RNA-seq analyses

Genes were filtered for rowSums() > 10 counts and protein coding designation. Differential gene expression analysis was conducted using the Bioconductor package DESeq2 (74) in R v3.5.1 using default parameters. GSEAs were performed with GAGE (generally applicable gene set enrichment) (75) and GSEA (Broad Institute). Differentially enriched GO terms were grouped into larger biological categories based on keywords (table S6). Enrichment score for GO terms was calculated as the Stat.mean score divided by P value from GAGE output in R. Enrichment score for GO categories is the mean of the enrichment scores of GO terms within each category. Genes associated with GO terms were determined to be genes with differential expression between AD and control groups (P < 0.05), with indicated differentially expressed GO assignments extracted using AnnotationDbi package (Bioconductor).

Statistical analysis

Data are presented as means ± SEM unless otherwise specified. Murine results are representative of at least two independent experiments. Graphical results and statistical testing for RNA-seq and retrospective laboratory testing analysis were conducted in R v3.5.1. Graphical results and statistical testing for remaining studies were conducted with GraphPad Prism 8. Data were tested for normality using the Shapiro-Wilk test, and a nonparametric test (Mann-Whitney U or Wilcoxon) was used for data that were deemed nonnormal. Otherwise, a t test or analysis of variance (ANOVA) was performed, where indicated. For tests with multiple comparisons, the Sidak (two-way ANOVA) or Sidak-Holm (t tests) correction for multiple comparisons was used. ROC curve analyses were conducted in SPSS v25.0 for Mac. ROC curve analyses were conducted assuming that a lower NK cell number was a positive test result.

SUPPLEMENTARY MATERIALS

stm.sciencemag.org/cgi/content/full/12/532/eaay1005/DC1

Fig. S1. Clinical lymphocyte laboratory results from patients with AD.

Fig. S2. Signal intensities and gating for phenotypic analysis of human peripheral blood NK cells by CyTOF.

Fig. S3. Density plots of viSNE analysis of CyTOF data for Lin CD56+ cells by subject.

Fig. S4. Detailed signal intensities of CyTOF viSNE populations.

Fig. S5. RNA-seq of human CD56dim NK cells.

Fig. S6. Gating strategies for in vitro assays on CD56dim NK cells.

Fig. S7. AD NK cells demonstrate evidence of AICD.

Fig. S8. NK cell enrichment in AD skin of mice and humans.

Fig. S9. Gating strategy for murine skin immune cell populations.

Fig. S10. NK cell depletion results in enhanced ILC2 responses.

Fig. S11. IL-15 SA induces a dose-dependent NK cell expansion and ameliorates AD-like disease at later time points.

Fig. S12. Ncr1-DTA mice lack NK cells but have intact CD8 T cells.

Table S1. Demographics for subjects analyzed in Fig. 2, NK cell CyTOF.

Table S2. Demographics for subjects analyzed in Fig. 3, NK cell CyTOF before/after dupilumab treatment.

Table S3. Demographics for subjects analyzed in Fig. 3, plasma cytokines.

Table S4. Demographics for subjects analyzed in Fig. 4, NK cell RNA-seq.

Table S5. Differential gene expression table output from DESeq2 analysis of CD56dim NK cell RNA-seq.

Table S6. Differentially enriched GO terms from GAGE analysis of CD56dim NK cell RNA-seq.

Table S7. Demographics for subjects analyzed in Fig. 4, cleaved caspase-3 staining.

Table S8. Demographics for subjects analyzed in Fig. 4, CD16 ligation.

Table S9. Demographics for subjects analyzed in Fig. 5, skin RNA-seq.

Table S10. Differentially enriched GO terms from GAGE analysis of lesional versus nonlesional human skin RNA-seq.

Table S11. Differential gene expression table output from DESeq2 analysis of lesional versus nonlesional human skin RNA-seq.

Table S12. Human NK cell CyTOF antibodies.

Table S13. Flow cytometry antibodies.

Data file S1. Primary data.

REFERENCES AND NOTES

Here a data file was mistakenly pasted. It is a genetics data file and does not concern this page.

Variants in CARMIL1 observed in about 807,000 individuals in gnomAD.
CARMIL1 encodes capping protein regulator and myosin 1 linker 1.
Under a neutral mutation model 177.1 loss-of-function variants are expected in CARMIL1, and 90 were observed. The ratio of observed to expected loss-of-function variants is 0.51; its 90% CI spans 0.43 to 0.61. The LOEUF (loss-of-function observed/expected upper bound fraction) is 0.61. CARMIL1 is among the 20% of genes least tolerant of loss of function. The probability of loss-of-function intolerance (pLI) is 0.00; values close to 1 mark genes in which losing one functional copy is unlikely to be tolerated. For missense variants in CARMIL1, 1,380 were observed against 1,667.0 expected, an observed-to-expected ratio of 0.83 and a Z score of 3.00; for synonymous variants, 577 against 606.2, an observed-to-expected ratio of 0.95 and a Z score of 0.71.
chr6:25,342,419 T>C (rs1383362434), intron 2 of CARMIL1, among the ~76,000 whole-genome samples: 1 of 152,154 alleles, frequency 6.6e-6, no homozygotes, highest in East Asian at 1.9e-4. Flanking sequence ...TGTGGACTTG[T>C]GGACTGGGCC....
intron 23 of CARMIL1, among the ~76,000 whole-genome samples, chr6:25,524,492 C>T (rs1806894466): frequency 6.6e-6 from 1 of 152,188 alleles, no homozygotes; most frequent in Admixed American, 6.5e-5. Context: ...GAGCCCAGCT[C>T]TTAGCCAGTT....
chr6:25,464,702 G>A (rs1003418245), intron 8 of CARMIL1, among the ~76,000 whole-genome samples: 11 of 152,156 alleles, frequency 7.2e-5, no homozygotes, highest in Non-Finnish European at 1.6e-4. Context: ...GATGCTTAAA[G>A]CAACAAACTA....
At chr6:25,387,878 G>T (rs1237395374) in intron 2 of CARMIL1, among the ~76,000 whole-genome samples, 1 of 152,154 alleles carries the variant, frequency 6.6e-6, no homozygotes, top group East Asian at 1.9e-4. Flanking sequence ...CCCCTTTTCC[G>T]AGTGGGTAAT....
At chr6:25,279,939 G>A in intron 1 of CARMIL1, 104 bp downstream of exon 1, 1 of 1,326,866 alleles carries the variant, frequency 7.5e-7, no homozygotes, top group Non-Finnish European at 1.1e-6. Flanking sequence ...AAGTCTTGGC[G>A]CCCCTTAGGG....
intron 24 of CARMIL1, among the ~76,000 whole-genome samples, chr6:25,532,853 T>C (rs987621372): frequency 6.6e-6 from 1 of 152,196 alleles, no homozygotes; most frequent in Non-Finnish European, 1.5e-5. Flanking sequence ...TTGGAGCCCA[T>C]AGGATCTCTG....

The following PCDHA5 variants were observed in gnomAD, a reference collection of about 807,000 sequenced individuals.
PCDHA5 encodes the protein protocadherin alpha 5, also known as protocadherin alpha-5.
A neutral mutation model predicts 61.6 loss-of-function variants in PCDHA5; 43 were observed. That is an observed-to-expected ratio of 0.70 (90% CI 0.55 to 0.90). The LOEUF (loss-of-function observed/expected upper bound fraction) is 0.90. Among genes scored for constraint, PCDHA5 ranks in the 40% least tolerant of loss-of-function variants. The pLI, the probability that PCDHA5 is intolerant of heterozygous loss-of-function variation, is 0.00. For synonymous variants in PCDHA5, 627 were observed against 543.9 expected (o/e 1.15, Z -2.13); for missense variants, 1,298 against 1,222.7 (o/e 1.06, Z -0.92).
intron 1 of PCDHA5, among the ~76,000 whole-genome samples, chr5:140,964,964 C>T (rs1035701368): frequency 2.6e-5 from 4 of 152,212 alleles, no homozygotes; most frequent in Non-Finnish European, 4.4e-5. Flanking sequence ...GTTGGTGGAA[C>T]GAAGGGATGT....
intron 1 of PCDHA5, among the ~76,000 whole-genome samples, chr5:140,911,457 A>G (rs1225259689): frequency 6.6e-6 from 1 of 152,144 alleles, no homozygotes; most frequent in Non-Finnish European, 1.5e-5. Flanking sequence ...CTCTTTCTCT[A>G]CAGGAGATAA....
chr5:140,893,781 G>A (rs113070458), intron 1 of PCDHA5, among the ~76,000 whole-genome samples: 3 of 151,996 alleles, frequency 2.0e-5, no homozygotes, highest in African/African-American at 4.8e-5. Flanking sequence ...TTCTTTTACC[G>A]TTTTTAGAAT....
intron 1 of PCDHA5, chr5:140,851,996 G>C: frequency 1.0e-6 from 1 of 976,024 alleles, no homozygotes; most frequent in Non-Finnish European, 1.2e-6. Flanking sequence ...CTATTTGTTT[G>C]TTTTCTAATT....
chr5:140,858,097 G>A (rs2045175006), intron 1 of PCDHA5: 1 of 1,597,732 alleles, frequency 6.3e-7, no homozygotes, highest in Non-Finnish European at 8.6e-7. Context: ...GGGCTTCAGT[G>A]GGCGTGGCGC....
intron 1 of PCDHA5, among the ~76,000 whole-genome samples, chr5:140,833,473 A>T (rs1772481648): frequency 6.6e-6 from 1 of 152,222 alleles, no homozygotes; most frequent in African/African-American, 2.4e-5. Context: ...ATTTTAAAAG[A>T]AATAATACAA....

Acknowledgments: We would like to thank all of the patients who participated in this study for their generous contribution and support. We also thank the clinical faculty and staff in the Division of Dermatology at WUSM. We thank the Immunomonitoring Lab (IML) at the Bursky Center for Human Immunology and Immunotherapy Programs (CHiiPs), especially O. Malkova, for their assistance with CyTOF and flow cytometry. We also thank the GTAC for sequencing support, the Alafi Neuroimaging Laboratory for NanoZoomer access, and the Digestive Disease Research Core Center (DRCC) for histology support. We thank the Alvin J. Siteman Cancer Center at WUSM and BJH in St. Louis, MO and the Institute of Clinical and Translational Sciences (ICTS) at WUSM for the use of the Tissue Procurement Core, which provided biobanking service. We also thank A. Guggisberg for scientific editing services provided on behalf of ICTS. Funding: We thank the Alvin J. Siteman Cancer Center at WUSM; BJH in St. Louis, MO; and the ICTS at WUSM for the use of the Tissue Procurement Core, which provided human biospecimen storage service. We also thank the Siteman Cancer Center and ICTS for the use of the IML, which provided CyTOF services. The Siteman Cancer Center is supported, in part, by National Cancer Institute (NCI) Cancer Center Support Grant P30 CA091842, and the ICTS is funded by the NIH’s National Center for Advancing Translational Sciences (NCATS) Clinical and Translational Science Award (CTSA) program grant UL1TR002345. We thank the GTAC, which provided sequencing service and is supported by NCI grant P30CA91842 and by ICTS Clinical and Translational Science Award UL1TR000448 from the National Center for Research Resources (NCRR). The Alafi Neuroimaging Laboratory is supported by NCRR Shared Instrumentation grant 1S10RR027552. The DDRCC is supported by National Institute of Diabetes and Digestive and Kidney Diseases (NIDDK) grant P30DK052574. This publication was also made possible, in part, by UL1RR024992 from the NIH NCRR and NIH CTSA grant UL1TR002345 from the National Center for Advancing Translational Sciences (NCATS). B.S.K. was supported by grants from the NIH National Institute of Arthritis and Musculoskeletal and Skin Diseases (NIAMS) (R01AR070116 and K08AR065577), the Doris Duke Charitable Foundation, the American Skin Association, and LEO Pharma. M.R.M. and A.M.T. were supported by NIH National Institute of Allergy and Infectious Diseases (NIAID) training grant T32AI716339. A.M.T. was also supported by NIH National Heart, Lung, and Blood Institute (NHLBI) training grant T32HL007317. A.Z.X. was supported by the Howard Hughes Medical Institute (HHMI) Medical Fellows Program. The Vivier laboratory at CIML and Assistance-Publique des Hôpitaux de Marseille is supported by funding from the European Research Council (ERC) under the European Union’s Horizon 2020 research and innovation program (grant agreement no. 694502; TILC), the Agence Nationale de la Recherche including the PIONEER Project (ANR-17-RHUS-0007), Equipe Labellisée “La Ligue” (Ligue Nationale contre le Cancer), MSDAVENIR, Innate Pharma, and institutional grants to CIML (INSERM, CNRS, and Aix-Marseille University) and to Marseille Immunopole. J.R.B. was supported by the Children’s Discovery Institute (MI-F-2019-795), Burroughs Wellcome Fund (CAMS 1019648), and NIH Office of the Director (DP5 OD028125). M.M.B.-E. was supported by NCI F32CA200253 and NIH NHLBI T32HL00708843. T.A.F. was supported by NIH NIAID R01AI102924 and NCI R01CA205239. E.M.O. and M. Colonna were supported by NIH NIAID R01AI134035. D.J.M. was supported by NIH NIAMS R01AR069062 and NIH NIAMS R01AR070873. Author contributions: M.R.M., J.R.B., M.M.B.-E., H.N., E.P., A.Z.X., M.M., A.M.T., F.W., and T.-L.B.Y. conducted experiments. M.R.M., M.M.B.-E., J.R.B., P.L.C., J.A.W., E.P., P.L., M. Colonna, M. Cella, W.M.Y., E.M.O., T.A.F., and B.S.K. designed experiments and interpreted the data. M.R.M., D.J.M., D.S., F.W., N.D.B., H.N., A.Z.X., C.H., F.K., R.C., M.L.C., and B.S.K. saw patients, managed clinical research samples, or obtained consent. E.V. provided key reagents. M.R.M. and B.S.K. wrote the manuscript. Competing interests: B.S.K. has served as a consultant for AbbVie Inc., Concert Pharmaceuticals, Incyte Corporation, Menlo Therapeutics, and Pfizer Inc. B.S.K. is founder and chief scientific officer of Nuogen Pharma Inc. B.S.K. has participated in advisory boards for Cara Therapeutics, Celgene Corporation, Kiniksa Pharmaceuticals, Menlo Therapeutics, Regeneron Pharmaceuticals Inc., Sanofi, and Theravance Biopharma. M.L.C. has served as a consultant for MDOutlook. D.J.M. has consulted for LEO Pharma, Pfizer Inc., Sanofi, and Regeneron Pharmaceuticals Inc. M.R.M., J.R.B., and B.S.K. are authors of a patent application related to this work (018984/US). All other authors declare that they have no competing interests. Data and materials availability: All data associated with this study are present in the paper or Supplementary Materials. Human NK cell CyTOF data files (Figs. 2 and 3) are available on FlowRepository.org (FR-FCM-ZYV4). Custom code for CyTOF analysis (Figs. 2 and 3) is available at doi:10.5281/zenodo.3568404. Human NK cell RNA-seq raw data (Fig. 4) are available through the Gene Expression Omnibus (GEO) (GSE125916). Human AD lesional and nonlesional skin RNA-seq data (Fig. 5) are also available through GEO (GSE140227).